After Portrait of Luther Burbank by Frida Kahlo
Into fertilizer. petals underneath a body’s palm. cranberries crushed into paint//bloodwine
I am disintegration
The multitude of my body’s pieces (all ache, more pain than peace)
I exist beyond the art and biography and the way my body has failed me.
Reincarnation in motion.
I will disintegrate
Fragment of time and place and body
Seeding of skin//planting of pores
Botany of body, anatomy of growth.
They take cuttings of my wet tissue for replanting
Samples of the way my brain turns just before undergoing the needle
I am disintegrating
Blood and bone and brick dust stripped from under
The epidermis. Isn’t the dense clasp of earth, the reclamation of the body,
Worth everything else?
Paint the way roots take hold of the heart,
Unleashing the strain of its bloody burden from the back and ribcage
With a splintering curl of wood.
To become the fertile soil, length of body flush with resistance; release of the rest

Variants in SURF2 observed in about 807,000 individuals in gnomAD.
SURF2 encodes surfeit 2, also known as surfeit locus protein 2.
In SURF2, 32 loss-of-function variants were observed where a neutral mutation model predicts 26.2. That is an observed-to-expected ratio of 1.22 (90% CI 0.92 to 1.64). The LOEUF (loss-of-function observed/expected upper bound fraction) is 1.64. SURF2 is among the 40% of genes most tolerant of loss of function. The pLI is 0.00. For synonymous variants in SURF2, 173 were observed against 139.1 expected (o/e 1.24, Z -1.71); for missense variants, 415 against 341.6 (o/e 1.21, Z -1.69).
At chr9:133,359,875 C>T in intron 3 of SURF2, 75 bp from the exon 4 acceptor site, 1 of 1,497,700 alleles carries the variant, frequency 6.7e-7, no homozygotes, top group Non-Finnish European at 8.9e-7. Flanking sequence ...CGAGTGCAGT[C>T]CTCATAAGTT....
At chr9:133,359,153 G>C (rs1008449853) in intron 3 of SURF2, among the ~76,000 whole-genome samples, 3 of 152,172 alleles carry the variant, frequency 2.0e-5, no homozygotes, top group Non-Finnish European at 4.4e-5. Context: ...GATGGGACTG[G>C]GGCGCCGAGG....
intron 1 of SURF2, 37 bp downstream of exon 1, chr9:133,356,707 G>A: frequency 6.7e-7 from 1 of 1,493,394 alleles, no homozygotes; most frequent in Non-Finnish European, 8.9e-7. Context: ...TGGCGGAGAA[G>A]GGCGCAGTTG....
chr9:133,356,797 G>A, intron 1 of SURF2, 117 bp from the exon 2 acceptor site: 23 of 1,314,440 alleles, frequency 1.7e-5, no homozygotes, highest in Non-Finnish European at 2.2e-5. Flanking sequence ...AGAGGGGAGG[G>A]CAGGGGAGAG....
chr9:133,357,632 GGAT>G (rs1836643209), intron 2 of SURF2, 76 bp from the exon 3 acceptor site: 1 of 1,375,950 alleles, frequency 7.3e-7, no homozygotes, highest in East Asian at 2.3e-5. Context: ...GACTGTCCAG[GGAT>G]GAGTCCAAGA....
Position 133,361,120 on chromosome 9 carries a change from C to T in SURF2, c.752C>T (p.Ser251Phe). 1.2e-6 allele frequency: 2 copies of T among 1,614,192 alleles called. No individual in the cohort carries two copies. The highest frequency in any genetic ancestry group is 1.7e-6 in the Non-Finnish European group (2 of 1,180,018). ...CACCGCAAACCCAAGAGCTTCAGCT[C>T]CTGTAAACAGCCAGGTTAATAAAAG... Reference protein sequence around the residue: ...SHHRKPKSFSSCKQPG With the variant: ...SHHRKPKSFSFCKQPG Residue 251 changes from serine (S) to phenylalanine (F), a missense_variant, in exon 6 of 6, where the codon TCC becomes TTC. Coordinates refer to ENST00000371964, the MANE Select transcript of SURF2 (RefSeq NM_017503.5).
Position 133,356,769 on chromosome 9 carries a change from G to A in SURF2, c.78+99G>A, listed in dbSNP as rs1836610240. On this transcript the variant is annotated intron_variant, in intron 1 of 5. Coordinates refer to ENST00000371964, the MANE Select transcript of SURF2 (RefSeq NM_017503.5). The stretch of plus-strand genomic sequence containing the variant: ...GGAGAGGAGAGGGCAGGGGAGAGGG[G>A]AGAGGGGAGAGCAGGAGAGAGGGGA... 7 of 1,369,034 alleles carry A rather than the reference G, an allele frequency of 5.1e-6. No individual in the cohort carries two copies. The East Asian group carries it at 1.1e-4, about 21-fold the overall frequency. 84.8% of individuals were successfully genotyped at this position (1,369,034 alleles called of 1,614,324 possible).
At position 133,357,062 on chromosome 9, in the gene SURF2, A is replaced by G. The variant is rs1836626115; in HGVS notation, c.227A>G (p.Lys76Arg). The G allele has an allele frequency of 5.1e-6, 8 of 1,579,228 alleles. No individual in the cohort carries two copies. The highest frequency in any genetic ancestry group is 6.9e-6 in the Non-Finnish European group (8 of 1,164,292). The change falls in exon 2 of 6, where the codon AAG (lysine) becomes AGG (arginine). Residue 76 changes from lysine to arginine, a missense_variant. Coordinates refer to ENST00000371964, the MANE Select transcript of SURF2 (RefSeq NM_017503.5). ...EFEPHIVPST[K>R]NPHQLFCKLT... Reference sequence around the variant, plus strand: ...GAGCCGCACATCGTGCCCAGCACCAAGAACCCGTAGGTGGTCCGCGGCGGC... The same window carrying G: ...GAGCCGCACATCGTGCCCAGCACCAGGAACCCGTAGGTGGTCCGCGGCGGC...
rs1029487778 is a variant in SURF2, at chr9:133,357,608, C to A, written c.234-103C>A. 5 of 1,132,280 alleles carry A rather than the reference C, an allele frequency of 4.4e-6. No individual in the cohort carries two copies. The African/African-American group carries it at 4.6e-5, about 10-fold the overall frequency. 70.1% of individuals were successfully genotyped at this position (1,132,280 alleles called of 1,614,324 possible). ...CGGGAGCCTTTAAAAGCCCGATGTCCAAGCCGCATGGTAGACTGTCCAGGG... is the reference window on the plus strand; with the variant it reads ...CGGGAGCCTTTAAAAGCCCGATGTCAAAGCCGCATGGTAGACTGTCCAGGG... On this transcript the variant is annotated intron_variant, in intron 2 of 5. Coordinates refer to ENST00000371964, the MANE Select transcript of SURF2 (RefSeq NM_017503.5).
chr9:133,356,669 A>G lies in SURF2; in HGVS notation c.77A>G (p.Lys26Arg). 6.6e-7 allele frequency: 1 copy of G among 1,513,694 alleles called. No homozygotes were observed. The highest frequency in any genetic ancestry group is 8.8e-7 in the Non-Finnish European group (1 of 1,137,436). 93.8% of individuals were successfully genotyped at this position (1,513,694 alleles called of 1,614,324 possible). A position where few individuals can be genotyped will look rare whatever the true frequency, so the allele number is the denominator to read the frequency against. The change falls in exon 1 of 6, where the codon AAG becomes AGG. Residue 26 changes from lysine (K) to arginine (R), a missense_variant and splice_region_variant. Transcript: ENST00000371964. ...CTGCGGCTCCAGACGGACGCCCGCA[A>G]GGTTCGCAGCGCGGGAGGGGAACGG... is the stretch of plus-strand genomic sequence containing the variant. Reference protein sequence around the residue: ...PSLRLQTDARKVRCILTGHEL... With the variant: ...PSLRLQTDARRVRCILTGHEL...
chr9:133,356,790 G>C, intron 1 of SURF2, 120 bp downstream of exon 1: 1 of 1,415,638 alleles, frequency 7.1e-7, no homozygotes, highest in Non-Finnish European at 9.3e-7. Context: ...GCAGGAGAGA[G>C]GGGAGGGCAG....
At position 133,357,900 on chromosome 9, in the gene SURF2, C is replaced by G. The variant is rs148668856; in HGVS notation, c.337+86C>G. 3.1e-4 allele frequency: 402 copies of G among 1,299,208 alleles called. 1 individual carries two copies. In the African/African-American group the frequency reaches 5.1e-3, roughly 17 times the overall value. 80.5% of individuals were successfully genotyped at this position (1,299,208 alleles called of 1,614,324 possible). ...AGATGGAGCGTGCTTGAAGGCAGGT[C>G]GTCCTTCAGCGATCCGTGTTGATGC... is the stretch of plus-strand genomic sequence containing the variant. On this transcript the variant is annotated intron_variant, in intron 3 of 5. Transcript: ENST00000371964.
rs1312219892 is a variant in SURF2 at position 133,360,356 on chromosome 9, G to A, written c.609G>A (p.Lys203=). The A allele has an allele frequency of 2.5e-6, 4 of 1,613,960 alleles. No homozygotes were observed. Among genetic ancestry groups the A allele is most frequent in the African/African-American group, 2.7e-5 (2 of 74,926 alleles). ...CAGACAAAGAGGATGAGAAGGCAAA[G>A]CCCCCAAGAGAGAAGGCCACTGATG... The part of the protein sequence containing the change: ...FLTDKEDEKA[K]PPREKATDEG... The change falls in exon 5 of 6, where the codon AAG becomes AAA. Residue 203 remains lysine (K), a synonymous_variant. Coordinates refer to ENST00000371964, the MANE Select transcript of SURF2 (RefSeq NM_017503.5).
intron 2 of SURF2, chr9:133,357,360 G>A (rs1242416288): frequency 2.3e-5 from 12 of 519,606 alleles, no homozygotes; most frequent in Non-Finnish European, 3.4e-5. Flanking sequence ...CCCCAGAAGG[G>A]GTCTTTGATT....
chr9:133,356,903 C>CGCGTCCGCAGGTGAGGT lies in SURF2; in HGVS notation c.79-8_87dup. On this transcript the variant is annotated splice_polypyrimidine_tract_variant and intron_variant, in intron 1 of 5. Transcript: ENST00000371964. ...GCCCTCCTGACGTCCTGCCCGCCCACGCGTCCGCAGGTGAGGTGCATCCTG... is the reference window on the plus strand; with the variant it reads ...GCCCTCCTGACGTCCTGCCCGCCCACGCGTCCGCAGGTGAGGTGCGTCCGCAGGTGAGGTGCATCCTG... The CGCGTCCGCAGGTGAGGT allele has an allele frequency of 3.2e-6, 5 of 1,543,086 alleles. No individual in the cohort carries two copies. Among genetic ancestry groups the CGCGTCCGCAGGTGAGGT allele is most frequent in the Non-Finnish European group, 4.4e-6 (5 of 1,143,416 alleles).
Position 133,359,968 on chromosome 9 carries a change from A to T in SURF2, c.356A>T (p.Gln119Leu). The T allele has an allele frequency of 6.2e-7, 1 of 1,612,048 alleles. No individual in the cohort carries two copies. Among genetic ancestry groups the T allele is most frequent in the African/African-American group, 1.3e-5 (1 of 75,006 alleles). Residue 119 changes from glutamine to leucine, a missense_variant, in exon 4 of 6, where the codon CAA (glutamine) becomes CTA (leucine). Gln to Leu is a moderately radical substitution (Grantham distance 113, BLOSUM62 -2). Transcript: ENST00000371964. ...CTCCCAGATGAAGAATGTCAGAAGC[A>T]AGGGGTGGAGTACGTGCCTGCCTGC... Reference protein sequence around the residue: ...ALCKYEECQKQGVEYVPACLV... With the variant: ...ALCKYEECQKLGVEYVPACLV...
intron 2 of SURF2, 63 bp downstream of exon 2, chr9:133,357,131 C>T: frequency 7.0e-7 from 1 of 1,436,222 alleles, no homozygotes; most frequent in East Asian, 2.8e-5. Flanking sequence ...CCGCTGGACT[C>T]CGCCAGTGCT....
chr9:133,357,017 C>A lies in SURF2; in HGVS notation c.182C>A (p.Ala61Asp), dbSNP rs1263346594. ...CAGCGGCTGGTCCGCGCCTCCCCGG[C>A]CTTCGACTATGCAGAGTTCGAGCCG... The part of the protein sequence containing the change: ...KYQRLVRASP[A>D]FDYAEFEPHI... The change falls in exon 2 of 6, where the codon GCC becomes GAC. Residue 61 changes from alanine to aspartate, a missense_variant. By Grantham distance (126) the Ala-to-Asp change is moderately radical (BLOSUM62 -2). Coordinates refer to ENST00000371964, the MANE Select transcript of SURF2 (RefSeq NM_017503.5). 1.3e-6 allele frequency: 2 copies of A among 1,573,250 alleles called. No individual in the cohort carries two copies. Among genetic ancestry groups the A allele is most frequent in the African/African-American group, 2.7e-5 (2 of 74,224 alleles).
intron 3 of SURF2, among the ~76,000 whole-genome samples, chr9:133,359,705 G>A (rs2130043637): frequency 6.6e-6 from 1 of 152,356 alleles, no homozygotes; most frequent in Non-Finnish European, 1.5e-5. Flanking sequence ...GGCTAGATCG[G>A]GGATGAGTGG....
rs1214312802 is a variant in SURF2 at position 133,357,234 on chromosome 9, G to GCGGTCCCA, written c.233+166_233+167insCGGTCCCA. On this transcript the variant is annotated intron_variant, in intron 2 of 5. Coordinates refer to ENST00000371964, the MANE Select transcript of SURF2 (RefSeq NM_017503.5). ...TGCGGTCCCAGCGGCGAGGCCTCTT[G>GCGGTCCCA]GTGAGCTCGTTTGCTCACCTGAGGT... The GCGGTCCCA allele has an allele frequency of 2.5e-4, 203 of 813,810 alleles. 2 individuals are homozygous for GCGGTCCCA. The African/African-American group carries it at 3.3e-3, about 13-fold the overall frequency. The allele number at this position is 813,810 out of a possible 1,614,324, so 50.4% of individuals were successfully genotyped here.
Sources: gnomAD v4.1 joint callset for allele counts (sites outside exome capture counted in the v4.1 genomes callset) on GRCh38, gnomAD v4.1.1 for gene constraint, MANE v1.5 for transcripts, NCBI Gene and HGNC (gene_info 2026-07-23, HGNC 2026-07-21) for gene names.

I am the disintegrated
What remains of the body after the stench of death and smoked sinew has faded.
I die with half of a history. A legacy of letting the damp heat of my work
Make up for everything else. Painted in life as I am in death
Peace in pieces//uprooted and unquieted
I flower myself back to life by
Teasing the stick of capillaries from clutch of root cap//capsule
Under lizard tongue.
I become one of your hybrid creatures, grow you from the soft
Of my belly, nutrients in my slowing digestive sap
I have disintegrated
Become the ground beneath your feet//giver of life
Strip away defining features, phenotypes of cross pollination
Unearth only the shards of my remains.
I trade you a face and a body and half a century of work
For a bag of plumcots and a promise
To plant a garden in my grave, ciruelas(clavicle)//fresas(femurs)//limones(liver)
To chew on the fruits of our interjecting labor, my essence sweet and sour on the tongue
Nurture life from between my decaying bones
Where there once was chaos and bloodshed and revolution
Something more than my body of work.
I become the art. The trembling earth. The watershed of want.
A portrait of body//disintegrated
I Joyfully Await The Exit And Hope To Never Return
Emory Brinson is at Brown University studying literary arts and policy. She has been recognized by Scholastic and the National YoungArts Foundation. Recently she was a finalist for the Passages North Elinor Benedict Poetry Prize. Her work has appeared or is forthcoming in Cargoes, VULCANALIA '21, and The Apiary Magazine. @brinson_emory